Measures of learning (pupils working at age-related expectations (ARE) in reading, writing and maths and good level of development (GLD)) were, on average, seven per cent higher when compared with levels from the previous cohort. Notably, boys’ GLD attainment rose from 44 per cent (pre-project cohort) to 67 per cent (project cohort), surpassing the national average of 65 per cent. Although most of our data is below national averages, this project contributed to a three-year upward trend in attainment in Reception.
There was also a positive impact on parent engagement. Beforehand, the proportion of the cohort who had an adult attend parents’ evening was 60 per cent. Through the Focus Child Feedback sessions, this figure grew to 86 per cent. Parents’ feedback showed that they appreciated their involvement in the home–school learning journey and enjoyed their part in planning the next steps in learning.
The successful impact of the engaging learning curriculum in Reception prompted us to reflect on how we could transfer similar benefits to Year 1. We asked ‘how could we implement an effective Early Years pedagogy to aid the transition into Key Stage 1?’, and transferred the three approaches described above, with tasks and resources altered to suit Key Stage 1 objectives. In doing so, we hope to see a similar rise in attainment as we observed in Reception.
Bolton Council (2015) Indices of multiple deprivation 2015: Briefing report. Available at:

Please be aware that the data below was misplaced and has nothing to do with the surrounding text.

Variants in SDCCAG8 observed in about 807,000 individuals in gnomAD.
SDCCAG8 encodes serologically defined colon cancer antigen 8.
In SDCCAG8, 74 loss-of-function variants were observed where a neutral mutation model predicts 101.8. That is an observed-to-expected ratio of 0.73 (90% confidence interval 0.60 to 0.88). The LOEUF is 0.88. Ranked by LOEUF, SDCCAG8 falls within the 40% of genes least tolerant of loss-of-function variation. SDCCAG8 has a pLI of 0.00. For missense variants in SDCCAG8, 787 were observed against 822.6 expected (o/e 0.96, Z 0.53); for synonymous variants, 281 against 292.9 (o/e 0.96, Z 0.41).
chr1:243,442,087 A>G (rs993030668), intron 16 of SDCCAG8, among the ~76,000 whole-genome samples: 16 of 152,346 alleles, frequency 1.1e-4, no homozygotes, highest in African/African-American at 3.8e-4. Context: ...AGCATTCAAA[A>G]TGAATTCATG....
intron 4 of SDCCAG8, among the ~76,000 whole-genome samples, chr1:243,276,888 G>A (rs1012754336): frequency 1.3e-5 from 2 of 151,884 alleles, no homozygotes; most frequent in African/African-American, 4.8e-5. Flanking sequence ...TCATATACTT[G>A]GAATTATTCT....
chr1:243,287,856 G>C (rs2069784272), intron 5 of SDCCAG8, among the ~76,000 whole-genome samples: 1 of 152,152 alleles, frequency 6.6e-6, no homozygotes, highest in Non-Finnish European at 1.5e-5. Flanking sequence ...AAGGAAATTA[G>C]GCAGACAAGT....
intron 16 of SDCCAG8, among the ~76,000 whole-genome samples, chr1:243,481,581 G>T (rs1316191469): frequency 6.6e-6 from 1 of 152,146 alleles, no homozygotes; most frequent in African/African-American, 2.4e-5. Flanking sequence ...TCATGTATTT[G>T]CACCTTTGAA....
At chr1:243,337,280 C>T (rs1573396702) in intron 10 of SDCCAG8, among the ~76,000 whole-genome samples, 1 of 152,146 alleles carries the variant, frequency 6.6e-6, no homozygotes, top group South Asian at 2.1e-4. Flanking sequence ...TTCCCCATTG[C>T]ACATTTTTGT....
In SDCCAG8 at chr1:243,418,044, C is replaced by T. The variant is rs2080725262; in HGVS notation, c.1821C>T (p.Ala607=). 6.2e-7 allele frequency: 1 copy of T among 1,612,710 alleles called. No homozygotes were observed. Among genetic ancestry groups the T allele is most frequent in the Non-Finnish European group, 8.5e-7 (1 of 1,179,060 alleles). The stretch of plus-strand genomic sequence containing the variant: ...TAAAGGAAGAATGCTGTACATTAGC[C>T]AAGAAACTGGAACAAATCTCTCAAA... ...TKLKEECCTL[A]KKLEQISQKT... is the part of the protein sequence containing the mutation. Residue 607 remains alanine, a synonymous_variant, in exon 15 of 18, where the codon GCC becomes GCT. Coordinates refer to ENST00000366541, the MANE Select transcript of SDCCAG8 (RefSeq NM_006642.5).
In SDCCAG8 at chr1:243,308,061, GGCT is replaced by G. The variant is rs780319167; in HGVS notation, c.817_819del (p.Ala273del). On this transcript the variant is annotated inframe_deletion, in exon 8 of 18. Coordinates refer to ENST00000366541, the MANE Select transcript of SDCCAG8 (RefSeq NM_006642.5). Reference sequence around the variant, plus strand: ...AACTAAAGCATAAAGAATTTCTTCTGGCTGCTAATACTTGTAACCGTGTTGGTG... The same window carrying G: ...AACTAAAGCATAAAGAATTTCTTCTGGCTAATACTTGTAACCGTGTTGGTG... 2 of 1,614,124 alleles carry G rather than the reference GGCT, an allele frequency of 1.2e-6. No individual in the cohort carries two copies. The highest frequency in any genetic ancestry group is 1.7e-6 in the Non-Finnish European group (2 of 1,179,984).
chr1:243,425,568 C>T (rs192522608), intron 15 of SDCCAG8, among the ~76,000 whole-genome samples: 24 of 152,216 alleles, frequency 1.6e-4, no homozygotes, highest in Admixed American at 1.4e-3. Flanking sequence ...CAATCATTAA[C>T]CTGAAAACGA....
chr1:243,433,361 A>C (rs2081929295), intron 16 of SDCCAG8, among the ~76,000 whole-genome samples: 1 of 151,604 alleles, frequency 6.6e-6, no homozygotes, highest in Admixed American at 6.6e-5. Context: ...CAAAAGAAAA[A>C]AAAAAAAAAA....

https://www.bolton.gov.uk/downloads/file/1919/imd-2015-extended-briefing-report (accessed 5 February 2019).
Education Endowment Foundation (EEF) (2017) The attainment gap. Available at: https://educationendowmentfoundation.org.uk/public/files/Annual_Reports/EEF_Attainment_Gap_Report_2018.pdf (accessed 5 February 2019).
Ephgrave A (2012) The Reception Year in Action. London: Routledge.
Fisher J (2016) Interacting or Interfering? Berkshire: Open University Press.
Harris A and Goodall J (2007) Engaging Parents in Raising Achievement: Do Parents Know They Matter? London: DCFS Publications.
Hendra S (2014) Supertato. New York: Simon and Schuster.
Laevers F (1994) A Process‐Oriented Child Monitoring System for Young Children. Leuven: Centre for Experimental Education.
Ofsted (2018) Early years inspection handbook. Available at:
https://assets.publishing.service.gov.uk/government/uploads/system/uploads/attachment_data/file/760110/EY_inspection_handbook_281118.pdf (accessed 5 February 2019).
Siraj-Blatchford I and Sylva K (2004) Researching pedagogy in English pre-schools. British Educational Research Journal 30(5): 713–730.
Willis L and Exley B (2018) Using an online social media space to engage parents in student learning in the early years: Enablers and impediments. Digital Education Review 33: 87–104.